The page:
Damp was a lesser problem inside. The bathroom already had a powerful 150mm diameter fan and a delay timer on the switch. “Nonetheless, I installed a shower hood, and currently we get no condensation in the bathroom unless the children have a particularly long play in the bath.”

He says that is an easy DIY project for any homeowner, with YouTube videos available to show how to instal.

Heat retention

To address heat loss, Lebo ordered R3.6 blanket insulation “within a week of our purchase” of the home, putting two layers to a height of 30cm in the ceiling, and also covering the ducting of the existing heat transfer system – which he believes made a huge difference.

“Putting a whole heap of insulation in your ceiling is one of the easiest things to do. Just go up and put it in,” he says. “Underfloor is a little bit harder, but still within the realm of an aspiring DIYer.”

The feature wall in the main bedroom was packed out from the existing wall, insulated and lined with reclaimed macrocarpa from a horse stable.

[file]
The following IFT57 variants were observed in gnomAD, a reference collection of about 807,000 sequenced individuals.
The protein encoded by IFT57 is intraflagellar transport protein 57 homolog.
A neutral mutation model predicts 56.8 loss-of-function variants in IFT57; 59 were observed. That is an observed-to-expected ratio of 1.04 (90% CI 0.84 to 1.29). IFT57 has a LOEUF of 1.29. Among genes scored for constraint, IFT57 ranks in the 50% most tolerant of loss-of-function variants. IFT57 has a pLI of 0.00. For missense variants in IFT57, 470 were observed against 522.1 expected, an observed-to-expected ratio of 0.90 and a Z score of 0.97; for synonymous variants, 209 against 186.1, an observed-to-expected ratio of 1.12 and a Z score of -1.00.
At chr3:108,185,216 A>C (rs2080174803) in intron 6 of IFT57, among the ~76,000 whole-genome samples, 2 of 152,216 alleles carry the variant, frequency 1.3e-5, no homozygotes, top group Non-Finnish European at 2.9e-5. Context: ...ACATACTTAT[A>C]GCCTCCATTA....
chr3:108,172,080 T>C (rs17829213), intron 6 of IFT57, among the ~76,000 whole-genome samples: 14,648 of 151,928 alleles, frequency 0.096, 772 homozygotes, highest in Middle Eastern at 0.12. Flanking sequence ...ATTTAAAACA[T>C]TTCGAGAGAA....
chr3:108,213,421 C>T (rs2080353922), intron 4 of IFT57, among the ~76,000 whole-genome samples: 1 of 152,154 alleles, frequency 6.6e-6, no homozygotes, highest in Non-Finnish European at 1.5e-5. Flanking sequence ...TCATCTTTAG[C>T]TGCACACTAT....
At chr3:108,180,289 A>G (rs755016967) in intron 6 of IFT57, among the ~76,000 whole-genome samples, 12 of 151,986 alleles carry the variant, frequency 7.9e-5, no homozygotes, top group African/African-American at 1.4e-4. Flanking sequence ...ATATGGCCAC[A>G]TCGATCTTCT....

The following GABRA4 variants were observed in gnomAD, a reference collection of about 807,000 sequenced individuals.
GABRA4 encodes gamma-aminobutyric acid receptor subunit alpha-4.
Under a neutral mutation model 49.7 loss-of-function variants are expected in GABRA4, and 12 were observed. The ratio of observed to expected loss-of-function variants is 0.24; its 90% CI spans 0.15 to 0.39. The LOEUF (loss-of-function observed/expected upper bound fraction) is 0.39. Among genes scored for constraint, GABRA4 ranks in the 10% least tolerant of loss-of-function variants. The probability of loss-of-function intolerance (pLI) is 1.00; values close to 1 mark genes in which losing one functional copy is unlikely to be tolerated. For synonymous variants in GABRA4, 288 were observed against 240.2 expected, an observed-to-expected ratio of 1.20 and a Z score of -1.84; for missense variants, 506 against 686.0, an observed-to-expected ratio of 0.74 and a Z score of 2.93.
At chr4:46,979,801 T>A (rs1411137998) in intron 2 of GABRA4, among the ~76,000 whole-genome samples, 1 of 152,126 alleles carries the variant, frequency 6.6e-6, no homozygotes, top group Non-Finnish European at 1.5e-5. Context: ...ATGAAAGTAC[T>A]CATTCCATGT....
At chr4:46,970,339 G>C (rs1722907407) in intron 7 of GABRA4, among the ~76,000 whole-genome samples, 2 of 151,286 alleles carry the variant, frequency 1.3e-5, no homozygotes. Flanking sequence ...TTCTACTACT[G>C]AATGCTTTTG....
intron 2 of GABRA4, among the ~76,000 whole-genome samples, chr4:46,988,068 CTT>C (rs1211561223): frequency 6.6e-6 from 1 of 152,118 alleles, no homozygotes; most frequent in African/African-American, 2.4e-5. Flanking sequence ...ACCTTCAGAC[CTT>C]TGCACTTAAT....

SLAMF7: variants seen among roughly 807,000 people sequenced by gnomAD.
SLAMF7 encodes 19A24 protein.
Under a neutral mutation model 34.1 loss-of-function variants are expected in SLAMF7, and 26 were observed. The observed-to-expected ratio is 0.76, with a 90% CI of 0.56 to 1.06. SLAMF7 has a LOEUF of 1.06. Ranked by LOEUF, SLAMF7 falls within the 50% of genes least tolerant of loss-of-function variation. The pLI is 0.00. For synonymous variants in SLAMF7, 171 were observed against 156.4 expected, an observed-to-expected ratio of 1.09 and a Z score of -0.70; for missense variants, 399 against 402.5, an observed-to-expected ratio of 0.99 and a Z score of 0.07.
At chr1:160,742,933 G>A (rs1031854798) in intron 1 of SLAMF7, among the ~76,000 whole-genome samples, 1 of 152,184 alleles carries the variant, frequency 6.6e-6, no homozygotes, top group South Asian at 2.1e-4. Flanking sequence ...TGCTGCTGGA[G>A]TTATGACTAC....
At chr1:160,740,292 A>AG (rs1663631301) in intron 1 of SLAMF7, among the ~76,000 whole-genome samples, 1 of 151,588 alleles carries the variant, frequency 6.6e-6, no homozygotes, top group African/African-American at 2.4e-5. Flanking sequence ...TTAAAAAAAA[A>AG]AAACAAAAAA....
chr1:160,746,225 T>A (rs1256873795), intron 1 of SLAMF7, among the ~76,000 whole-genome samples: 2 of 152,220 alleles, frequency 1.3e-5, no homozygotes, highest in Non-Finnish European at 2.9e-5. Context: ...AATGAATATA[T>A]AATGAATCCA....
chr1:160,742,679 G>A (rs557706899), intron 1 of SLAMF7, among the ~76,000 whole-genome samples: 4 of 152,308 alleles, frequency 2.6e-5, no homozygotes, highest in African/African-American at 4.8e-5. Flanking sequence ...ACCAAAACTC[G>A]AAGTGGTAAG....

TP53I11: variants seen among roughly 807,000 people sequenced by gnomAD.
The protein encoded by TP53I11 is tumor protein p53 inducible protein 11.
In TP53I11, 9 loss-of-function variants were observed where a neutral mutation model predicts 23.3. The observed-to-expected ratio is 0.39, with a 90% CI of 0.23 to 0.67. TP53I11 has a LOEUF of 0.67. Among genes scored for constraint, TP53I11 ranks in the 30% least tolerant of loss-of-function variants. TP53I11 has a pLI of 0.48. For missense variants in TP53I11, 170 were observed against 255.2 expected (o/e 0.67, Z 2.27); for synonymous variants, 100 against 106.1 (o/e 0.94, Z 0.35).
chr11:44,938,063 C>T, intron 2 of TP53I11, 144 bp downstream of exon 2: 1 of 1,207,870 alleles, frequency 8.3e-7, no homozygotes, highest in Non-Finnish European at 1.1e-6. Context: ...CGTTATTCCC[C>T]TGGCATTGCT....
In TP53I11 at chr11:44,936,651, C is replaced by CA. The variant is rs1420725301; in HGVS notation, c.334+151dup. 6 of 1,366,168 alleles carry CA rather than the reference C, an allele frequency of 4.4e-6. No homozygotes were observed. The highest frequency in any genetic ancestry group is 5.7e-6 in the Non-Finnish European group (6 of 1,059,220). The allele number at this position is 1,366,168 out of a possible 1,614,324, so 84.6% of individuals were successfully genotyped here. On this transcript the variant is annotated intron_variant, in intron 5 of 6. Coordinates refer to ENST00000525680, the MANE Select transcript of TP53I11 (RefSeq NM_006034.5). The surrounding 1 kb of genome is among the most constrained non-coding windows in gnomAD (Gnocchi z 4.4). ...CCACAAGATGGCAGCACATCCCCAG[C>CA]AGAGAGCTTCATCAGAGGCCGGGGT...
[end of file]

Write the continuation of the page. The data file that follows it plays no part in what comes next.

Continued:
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The feature wall in the main bedroom was packed out from the existing wall, insulated and lined with reclaimed macrocarpa from a horse stable.

Lebo got creative with the internal walls, adding extra internal linings on four walls:

  • a timber feature wall in the master bedroom
  • a plywood climbing wall in his daughter’s room
  • plasterboard in a small office
  • thin ply in two large closets along the south wall.

”Blowing in insulation needs a professional and is quite expensive, and proprietary,” Lebo says. ”All I did was I packed off the inside of the wall with framing timber, insulated in between, and then I just had fun with it.”

What about the windows?

Lebo added Perspex secondary glazing or double glazing with low-E glass to nearly every window. He plans to finish the whole house by double glazing a final children’s bedroom this winter.

One window – between the dining area and the carport – is now triple glazed with layers of Perspex added both inside and outside.

“It’s probably the cheapest, best window in all of New Zealand: triple glazed for about $170.”

This window between the dining room and the carport is effectively triple-glazed, with Perspex added to either side of the glass window. It cost $170.

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This window between the dining room and the carport is effectively triple-glazed, with Perspex added to either side of the glass window. It cost $170.